This might be the greatest rivalry in all sports, not just college basketball. As Mike Krzyzewski once said about the uniqueness of the two school's geography, “Forget the Big Ten ... we share the same dry cleaners ... There is no other area like this. It produces things, situations, feelings that you can’t talk to other people about. Because they have no understanding of it.”
TV analyst Dick Vitale often talks about why Duke-Carolina is No. 1. As he told MSNBC.com, “Because of the great tradition of both schools, the fact that they are about eight miles apart, the great basketball environment on both campuses and the fact that every game is meaningful in their own conference and on the national scene.”
Carolina holds a 125-96 advantage in the competition that has been an annual even since 1920 — but Duke has won 16 of the last 20 games. Both teams are among the sport’s most accomplished, too. Duke has won three NCAA titles, including in 2001, and been in 12 Final Fours. North Carolina has won three national championships and appeared in 15 Final Fours.
And with former Kansas coach Roy Williams — a Tar Heel graduate and former assistant — taking over UNC before the 2003-04 season, the series took on a renewed vigor with Carolina’s national resurgence.
So many games, so little cyberspace. There’s three games long-time observers usually talk about and last year's instant classic.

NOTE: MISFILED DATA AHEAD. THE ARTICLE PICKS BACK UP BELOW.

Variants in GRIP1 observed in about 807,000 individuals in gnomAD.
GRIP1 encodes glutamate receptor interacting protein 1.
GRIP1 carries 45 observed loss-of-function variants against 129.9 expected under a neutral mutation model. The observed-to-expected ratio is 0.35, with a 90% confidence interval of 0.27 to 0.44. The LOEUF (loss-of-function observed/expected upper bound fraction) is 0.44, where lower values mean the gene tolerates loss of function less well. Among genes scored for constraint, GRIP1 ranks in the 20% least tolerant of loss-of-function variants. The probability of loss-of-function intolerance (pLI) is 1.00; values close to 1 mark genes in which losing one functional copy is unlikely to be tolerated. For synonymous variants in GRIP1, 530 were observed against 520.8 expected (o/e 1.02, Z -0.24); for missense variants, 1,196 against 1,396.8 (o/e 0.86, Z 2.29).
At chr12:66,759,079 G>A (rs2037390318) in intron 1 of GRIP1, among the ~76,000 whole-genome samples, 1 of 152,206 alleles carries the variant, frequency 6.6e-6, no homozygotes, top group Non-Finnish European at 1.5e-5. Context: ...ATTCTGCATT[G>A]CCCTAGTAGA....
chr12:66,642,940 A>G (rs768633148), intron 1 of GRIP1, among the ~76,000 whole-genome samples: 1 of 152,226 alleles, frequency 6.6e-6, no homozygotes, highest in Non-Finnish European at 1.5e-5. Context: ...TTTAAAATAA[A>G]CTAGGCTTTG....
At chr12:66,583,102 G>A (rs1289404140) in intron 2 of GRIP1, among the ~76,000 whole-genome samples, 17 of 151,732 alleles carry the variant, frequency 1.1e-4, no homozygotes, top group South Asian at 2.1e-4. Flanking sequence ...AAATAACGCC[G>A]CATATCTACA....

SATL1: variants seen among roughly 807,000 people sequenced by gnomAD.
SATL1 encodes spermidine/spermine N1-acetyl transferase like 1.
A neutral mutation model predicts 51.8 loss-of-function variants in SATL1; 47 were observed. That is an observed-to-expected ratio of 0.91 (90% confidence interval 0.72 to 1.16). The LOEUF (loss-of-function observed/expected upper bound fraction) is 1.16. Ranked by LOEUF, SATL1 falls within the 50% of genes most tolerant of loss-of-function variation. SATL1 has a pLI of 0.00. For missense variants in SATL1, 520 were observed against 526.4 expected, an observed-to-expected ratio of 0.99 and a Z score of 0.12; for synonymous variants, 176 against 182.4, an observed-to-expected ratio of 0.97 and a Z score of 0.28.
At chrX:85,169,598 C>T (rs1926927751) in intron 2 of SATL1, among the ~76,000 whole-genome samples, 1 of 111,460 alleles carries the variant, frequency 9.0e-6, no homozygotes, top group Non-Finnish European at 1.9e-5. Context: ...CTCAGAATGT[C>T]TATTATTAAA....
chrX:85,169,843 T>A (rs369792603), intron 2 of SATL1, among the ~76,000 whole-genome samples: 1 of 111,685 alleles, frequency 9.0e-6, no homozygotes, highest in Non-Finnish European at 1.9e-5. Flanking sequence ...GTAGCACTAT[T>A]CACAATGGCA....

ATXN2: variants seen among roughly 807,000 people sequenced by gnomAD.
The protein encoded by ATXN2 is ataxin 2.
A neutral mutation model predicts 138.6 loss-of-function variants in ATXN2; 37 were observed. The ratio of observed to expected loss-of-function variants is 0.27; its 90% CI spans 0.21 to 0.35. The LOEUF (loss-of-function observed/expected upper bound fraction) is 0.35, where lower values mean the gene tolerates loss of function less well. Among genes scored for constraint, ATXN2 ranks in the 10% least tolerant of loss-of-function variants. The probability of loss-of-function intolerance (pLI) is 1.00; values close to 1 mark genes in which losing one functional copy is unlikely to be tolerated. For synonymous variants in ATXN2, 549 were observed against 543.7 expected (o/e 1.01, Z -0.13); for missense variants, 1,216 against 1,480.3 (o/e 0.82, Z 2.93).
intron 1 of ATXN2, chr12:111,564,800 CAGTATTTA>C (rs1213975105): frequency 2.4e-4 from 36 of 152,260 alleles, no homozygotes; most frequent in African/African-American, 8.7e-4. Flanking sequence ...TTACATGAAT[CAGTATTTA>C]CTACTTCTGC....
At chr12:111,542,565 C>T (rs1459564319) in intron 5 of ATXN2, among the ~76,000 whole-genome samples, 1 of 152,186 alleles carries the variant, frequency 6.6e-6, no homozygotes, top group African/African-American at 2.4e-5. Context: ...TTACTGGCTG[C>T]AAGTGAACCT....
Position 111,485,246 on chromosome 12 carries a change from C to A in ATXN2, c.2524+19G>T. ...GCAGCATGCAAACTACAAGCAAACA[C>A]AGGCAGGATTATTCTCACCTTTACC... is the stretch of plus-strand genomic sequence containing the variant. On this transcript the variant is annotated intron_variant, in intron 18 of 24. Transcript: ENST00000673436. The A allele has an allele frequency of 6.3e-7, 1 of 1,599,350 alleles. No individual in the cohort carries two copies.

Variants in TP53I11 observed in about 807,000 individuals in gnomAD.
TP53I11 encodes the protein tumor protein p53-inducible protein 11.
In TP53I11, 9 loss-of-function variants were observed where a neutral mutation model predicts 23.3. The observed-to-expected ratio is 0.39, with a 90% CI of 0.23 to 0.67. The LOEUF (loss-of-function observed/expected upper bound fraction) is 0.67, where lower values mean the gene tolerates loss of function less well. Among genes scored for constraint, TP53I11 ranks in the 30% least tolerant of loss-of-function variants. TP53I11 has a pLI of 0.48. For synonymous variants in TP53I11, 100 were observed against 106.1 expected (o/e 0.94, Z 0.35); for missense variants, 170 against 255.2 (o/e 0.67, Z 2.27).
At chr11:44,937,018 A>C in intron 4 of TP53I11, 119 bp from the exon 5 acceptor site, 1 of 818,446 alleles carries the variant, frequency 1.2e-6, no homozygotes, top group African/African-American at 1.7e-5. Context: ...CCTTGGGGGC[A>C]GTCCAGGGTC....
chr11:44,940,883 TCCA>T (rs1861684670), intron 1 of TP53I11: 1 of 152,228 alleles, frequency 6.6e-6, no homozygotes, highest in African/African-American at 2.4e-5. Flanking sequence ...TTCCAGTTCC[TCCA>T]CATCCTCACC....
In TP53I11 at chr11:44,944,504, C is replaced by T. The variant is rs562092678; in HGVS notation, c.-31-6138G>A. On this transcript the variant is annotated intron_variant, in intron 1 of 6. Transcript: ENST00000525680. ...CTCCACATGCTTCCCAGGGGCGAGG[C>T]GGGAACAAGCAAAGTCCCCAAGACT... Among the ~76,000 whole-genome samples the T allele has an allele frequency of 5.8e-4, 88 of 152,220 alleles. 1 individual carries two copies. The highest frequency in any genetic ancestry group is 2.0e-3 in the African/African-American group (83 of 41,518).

In the 1984 ACC tournament semifinals, Mike Krzyzewski finally established himself as an ACC presence, guiding Duke to a 77-75 victory over a team that featured Michael Jordan, Brad Daugherty, Sam Perkins, Kenny Smith and Matt Doherty.
Before that, Carolina laid claim to a double-overtime thriller, winning a ’74 regular season game, 96-92.
Grant Halverson / AP
Roy Williams has brought a new dimension to the Heels-Devils rivalry.
The last is the newest of the bunch, but just as memorable. In Williams’ first rivalry game during the 2003-04 season, the Tar Heels had No. 1 Duke on the ropes, but Chris Duhon drove the length of the floor in the final seconds for an 83-81 overtime victory.
North Carolina provided a game that their fans could finally rave about after recent struggles. Ranked No. 2 in the 2004-05 ACC regular-season finale, the Heels needed to beat the Devils to clinch their first outright title since 1993. They got it once freshman Marvin Williams converted a three-point play in the final seconds of a 75-73 win.
“They hate us,” former North Carolina guard Joseph Forte once said. “Just like we hate them.”
No wonder the famed Cameron Crazies will break into chants of “Go to hell, Carolina, go to hell,” at any time. The Crazies are at their best when the Tar Heels are in the house. Among their most “creative” works: Waving tongue depressors to taunt Michael Jordan; holding signs that called Mike O’Koren, who had a skin problem, “OXY-1000 Poster Child;” wearing makeshift halos and chanting “We beg to differ,” instead of the usual two-syllable expletive, whenever they disagreed with a call. They had been asked to clean up their act for Carolina after throwing panties and condoms the week before at a Maryland player who had been accused of a sex crime.
Carolina fans are known more for being cocky and arrogant — especially during the glory years of Dean Smith — than for being boisterous or clever.
CBT: Turning the page on the Mike Rice scandal, Rutgers hired Louisville's Julie Hermann as athletic director on Wednesday. But, Hermann has a prior scandal of her own.
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